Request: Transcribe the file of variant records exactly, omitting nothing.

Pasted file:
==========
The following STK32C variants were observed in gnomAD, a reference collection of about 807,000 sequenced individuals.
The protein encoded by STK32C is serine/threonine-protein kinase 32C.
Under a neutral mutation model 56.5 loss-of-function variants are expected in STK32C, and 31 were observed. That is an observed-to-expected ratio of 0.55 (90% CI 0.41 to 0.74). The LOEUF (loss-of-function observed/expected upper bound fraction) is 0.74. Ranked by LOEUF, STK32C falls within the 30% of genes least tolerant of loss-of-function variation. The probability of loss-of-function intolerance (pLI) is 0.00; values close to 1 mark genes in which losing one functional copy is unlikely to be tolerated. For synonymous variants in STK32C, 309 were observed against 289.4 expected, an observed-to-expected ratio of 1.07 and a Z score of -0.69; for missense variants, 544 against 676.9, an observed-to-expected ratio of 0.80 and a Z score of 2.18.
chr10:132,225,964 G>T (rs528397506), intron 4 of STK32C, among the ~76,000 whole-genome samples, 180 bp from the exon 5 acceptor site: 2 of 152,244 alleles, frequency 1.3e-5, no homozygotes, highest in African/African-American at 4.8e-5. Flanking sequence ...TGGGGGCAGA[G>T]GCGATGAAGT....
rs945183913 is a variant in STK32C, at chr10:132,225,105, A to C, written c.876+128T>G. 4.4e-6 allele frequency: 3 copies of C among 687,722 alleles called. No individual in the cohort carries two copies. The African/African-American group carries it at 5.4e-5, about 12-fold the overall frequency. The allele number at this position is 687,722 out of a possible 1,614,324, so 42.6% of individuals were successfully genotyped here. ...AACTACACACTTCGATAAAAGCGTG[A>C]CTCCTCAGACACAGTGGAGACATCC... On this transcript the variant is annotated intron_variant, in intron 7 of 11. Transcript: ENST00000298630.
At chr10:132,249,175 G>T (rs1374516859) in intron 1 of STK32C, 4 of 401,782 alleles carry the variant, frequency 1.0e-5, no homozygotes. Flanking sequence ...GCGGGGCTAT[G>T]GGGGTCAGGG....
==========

The following STK32C variants were observed in gnomAD, a reference collection of about 807,000 sequenced individuals.
The protein encoded by STK32C is serine/threonine-protein kinase 32C.
Under a neutral mutation model 56.5 loss-of-function variants are expected in STK32C, and 31 were observed. That is an observed-to-expected ratio of 0.55 (90% CI 0.41 to 0.74). The LOEUF (loss-of-function observed/expected upper bound fraction) is 0.74. Ranked by LOEUF, STK32C falls within the 30% of genes least tolerant of loss-of-function variation. The probability of loss-of-function intolerance (pLI) is 0.00; values close to 1 mark genes in which losing one functional copy is unlikely to be tolerated. For synonymous variants in STK32C, 309 were observed against 289.4 expected, an observed-to-expected ratio of 1.07 and a Z score of -0.69; for missense variants, 544 against 676.9, an observed-to-expected ratio of 0.80 and a Z score of 2.18.
chr10:132,225,964 G>T (rs528397506), intron 4 of STK32C, among the ~76,000 whole-genome samples, 180 bp from the exon 5 acceptor site: 2 of 152,244 alleles, frequency 1.3e-5, no homozygotes, highest in African/African-American at 4.8e-5. Flanking sequence ...TGGGGGCAGA[G>T]GCGATGAAGT....
rs945183913 is a variant in STK32C, at chr10:132,225,105, A to C, written c.876+128T>G. 4.4e-6 allele frequency: 3 copies of C among 687,722 alleles called. No individual in the cohort carries two copies. The African/African-American group carries it at 5.4e-5, about 12-fold the overall frequency. The allele number at this position is 687,722 out of a possible 1,614,324, so 42.6% of individuals were successfully genotyped here. ...AACTACACACTTCGATAAAAGCGTG[A>C]CTCCTCAGACACAGTGGAGACATCC... On this transcript the variant is annotated intron_variant, in intron 7 of 11. Transcript: ENST00000298630.
At chr10:132,249,175 G>T (rs1374516859) in intron 1 of STK32C, 4 of 401,782 alleles carry the variant, frequency 1.0e-5, no homozygotes. Flanking sequence ...GCGGGGCTAT[G>T]GGGGTCAGGG....